The government's Paycheck Protection Program, rolled out in April and administered by the SBA, earmarked US$660 billion (S$917.6 billion) of aid for small businesses but stipulated that a loan would be forgiven only if most of it was used to pay employee wages for eight weeks. The rules were later relaxed, but in a sign of how many small-business owners did not feel confident that they would be on steady ground by the time repayment was due, roughly US$130 billion of aid money remained untapped when the program ended in June.

Even for those who took a PPP loan, survival is no guarantee. Nick Muscari, a 38-year-old restaurateur in Lubbock, Texas, received one. His restaurant, Nick's Sports Grill and Lounge, had been the culmination of Muscari's life's work - his years of toil as a waiter, pizza cook and manager at restaurants and bars beginning in his teenage years. Three years ago, he bought out the two partners who helped him start the restaurant in 2010. He considered it a crowning achievement, but to do so, he had to borrow money. He still owes a bank US$80,000.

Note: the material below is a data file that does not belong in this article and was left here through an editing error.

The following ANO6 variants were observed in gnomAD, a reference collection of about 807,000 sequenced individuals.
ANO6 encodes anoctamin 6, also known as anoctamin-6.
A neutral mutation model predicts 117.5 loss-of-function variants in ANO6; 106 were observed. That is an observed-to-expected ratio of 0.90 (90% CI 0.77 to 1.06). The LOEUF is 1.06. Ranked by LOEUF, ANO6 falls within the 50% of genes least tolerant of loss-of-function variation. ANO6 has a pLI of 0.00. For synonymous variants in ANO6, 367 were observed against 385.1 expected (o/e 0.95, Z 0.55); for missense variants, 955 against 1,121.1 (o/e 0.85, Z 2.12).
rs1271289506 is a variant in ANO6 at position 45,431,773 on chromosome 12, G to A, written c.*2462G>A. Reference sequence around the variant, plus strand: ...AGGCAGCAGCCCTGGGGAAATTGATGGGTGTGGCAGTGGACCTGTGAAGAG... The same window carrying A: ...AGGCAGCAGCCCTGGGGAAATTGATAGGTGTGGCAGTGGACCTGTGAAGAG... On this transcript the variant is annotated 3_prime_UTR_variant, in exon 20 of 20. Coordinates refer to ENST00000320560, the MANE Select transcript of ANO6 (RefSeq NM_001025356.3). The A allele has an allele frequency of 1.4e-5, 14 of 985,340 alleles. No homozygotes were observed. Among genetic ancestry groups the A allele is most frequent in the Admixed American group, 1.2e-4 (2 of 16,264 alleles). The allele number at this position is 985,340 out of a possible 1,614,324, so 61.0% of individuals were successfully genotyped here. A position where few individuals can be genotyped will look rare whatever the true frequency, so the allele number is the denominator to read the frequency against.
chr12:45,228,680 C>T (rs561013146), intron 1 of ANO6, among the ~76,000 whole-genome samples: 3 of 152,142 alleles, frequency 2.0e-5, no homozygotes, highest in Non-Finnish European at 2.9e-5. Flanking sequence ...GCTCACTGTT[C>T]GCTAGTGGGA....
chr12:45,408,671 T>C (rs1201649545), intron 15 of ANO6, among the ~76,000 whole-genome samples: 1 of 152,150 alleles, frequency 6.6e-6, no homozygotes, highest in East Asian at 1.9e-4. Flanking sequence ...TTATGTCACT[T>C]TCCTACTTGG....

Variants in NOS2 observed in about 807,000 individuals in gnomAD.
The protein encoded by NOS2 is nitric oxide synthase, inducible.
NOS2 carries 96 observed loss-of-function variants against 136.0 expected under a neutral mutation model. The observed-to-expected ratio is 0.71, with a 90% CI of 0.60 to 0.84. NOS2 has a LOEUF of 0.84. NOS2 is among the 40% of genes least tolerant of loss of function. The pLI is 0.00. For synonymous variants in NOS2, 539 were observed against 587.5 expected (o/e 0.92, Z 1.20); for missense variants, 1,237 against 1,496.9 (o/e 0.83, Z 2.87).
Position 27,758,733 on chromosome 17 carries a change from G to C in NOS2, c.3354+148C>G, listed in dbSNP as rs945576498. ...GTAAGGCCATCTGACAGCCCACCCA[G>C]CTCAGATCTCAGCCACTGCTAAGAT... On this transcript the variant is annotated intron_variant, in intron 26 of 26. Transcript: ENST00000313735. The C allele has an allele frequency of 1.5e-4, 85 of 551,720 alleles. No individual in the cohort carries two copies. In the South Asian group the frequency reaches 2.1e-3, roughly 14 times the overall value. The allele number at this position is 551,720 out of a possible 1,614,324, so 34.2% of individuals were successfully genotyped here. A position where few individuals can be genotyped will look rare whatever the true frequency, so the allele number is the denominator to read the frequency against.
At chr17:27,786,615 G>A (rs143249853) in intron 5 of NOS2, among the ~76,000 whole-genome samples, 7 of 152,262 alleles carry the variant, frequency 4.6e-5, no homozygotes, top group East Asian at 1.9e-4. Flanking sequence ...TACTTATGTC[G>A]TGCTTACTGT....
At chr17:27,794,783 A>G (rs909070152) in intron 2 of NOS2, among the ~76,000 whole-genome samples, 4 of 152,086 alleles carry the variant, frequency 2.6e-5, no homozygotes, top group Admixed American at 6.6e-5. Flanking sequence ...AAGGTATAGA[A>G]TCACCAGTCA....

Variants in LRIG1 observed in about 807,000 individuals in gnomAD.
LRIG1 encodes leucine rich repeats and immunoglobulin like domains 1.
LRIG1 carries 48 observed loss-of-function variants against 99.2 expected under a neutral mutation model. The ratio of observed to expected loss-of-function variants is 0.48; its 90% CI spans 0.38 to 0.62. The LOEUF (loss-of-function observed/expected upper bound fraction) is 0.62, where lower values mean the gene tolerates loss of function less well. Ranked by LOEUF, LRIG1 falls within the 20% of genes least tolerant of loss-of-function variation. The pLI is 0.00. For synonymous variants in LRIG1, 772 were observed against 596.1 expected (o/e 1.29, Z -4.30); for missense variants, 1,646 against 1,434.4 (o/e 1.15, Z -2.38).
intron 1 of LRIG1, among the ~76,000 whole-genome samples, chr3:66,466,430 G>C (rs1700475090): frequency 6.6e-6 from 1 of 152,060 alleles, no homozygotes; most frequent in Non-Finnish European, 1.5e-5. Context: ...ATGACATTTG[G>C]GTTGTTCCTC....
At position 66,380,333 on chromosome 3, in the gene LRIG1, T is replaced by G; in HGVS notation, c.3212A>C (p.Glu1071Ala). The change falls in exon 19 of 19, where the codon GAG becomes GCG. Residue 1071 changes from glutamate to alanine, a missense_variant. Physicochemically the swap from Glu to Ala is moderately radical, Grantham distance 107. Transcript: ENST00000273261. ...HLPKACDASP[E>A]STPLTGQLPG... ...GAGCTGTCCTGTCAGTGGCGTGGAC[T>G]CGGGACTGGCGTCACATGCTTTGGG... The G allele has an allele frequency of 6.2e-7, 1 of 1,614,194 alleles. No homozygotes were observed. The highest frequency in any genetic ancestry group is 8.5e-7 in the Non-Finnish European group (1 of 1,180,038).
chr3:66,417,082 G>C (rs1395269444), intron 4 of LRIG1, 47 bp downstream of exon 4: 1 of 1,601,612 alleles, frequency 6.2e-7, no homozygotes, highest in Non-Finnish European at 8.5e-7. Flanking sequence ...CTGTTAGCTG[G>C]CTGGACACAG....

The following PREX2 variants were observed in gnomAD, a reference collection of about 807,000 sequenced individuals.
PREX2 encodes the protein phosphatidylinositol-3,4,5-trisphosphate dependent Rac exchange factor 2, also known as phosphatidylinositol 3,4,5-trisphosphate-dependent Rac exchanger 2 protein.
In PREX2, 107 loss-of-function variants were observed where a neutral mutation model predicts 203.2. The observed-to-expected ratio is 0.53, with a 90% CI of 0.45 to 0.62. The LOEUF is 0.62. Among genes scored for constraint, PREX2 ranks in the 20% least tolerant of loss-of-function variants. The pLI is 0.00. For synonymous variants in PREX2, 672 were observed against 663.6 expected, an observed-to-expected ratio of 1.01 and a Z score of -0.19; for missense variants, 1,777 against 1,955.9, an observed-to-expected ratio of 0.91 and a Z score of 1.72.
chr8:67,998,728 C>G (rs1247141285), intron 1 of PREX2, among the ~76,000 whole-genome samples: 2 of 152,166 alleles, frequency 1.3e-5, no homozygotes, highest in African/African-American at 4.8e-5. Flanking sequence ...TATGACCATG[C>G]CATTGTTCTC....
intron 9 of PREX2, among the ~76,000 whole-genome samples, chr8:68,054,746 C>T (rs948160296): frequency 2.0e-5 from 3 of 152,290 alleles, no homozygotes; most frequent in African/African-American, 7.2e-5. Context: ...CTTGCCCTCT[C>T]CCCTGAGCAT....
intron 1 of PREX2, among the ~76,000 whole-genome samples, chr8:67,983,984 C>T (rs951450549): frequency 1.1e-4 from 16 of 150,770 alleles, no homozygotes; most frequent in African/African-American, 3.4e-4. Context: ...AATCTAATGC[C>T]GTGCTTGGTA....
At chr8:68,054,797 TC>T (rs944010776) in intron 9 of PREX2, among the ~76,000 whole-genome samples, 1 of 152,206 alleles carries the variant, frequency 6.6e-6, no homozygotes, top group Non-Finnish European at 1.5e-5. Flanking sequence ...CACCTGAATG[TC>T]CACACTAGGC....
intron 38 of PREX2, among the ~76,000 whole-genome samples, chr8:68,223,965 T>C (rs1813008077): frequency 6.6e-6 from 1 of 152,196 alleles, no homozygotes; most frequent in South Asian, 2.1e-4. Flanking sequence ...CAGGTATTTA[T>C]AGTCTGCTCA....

Mr Muscari tried to ride out the spring lockdown that temporarily shuttered his restaurant with the help of the PPP money. But when the state's second closure order took effect June 26, he decided to close for good.

Mr Muscari, with the business closed and its 30 employees jobless, has nothing left but his house and his car. He also expects his landlord to try to sue him for the eight years' worth of rent he is contracted to pay on his defunct restaurant's space.

Many small businesses are also finding it onerous keep up with constantly changing local guidelines, while others are deciding that no matter what their local officials say, it just is not safe to keep going.

Gabriel Gordon, owner of a tiny but popular barbecue restaurant in Seal Beach, California, decided to close permanently after studying the restaurant's layout. He had determined that the kitchen would never be safe for multiple staff members to occupy at once while the virus was still active in the area.

"It's essentially two hallways that are 11 feet wide," Mr Gordon said, describing the shape of the restaurant, Beachwood BBQ. "There are food trucks that are larger than my kitchen."